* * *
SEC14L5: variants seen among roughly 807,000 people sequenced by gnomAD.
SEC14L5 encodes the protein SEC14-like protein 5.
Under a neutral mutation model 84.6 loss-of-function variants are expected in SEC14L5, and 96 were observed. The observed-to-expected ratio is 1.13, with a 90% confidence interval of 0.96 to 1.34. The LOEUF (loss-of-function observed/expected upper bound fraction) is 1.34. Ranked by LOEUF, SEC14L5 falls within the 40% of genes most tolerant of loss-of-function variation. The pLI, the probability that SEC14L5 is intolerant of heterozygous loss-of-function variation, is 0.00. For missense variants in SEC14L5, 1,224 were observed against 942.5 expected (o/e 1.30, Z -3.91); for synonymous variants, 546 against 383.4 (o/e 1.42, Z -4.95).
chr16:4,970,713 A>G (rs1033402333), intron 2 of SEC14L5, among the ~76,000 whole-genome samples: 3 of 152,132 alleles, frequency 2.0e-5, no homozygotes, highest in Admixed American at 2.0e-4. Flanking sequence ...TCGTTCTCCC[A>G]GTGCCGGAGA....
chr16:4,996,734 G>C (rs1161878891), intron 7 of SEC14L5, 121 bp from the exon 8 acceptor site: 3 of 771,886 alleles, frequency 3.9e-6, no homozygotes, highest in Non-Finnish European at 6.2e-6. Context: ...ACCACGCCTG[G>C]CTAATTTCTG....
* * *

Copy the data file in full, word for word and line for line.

SEC14L5: variants seen among roughly 807,000 people sequenced by gnomAD.
SEC14L5 encodes the protein SEC14-like protein 5.
Under a neutral mutation model 84.6 loss-of-function variants are expected in SEC14L5, and 96 were observed. The observed-to-expected ratio is 1.13, with a 90% confidence interval of 0.96 to 1.34. The LOEUF (loss-of-function observed/expected upper bound fraction) is 1.34. Ranked by LOEUF, SEC14L5 falls within the 40% of genes most tolerant of loss-of-function variation. The pLI, the probability that SEC14L5 is intolerant of heterozygous loss-of-function variation, is 0.00. For missense variants in SEC14L5, 1,224 were observed against 942.5 expected (o/e 1.30, Z -3.91); for synonymous variants, 546 against 383.4 (o/e 1.42, Z -4.95).
chr16:4,970,713 A>G (rs1033402333), intron 2 of SEC14L5, among the ~76,000 whole-genome samples: 3 of 152,132 alleles, frequency 2.0e-5, no homozygotes, highest in Admixed American at 2.0e-4. Flanking sequence ...TCGTTCTCCC[A>G]GTGCCGGAGA....
chr16:4,996,734 G>C (rs1161878891), intron 7 of SEC14L5, 121 bp from the exon 8 acceptor site: 3 of 771,886 alleles, frequency 3.9e-6, no homozygotes, highest in Non-Finnish European at 6.2e-6. Context: ...ACCACGCCTG[G>C]CTAATTTCTG....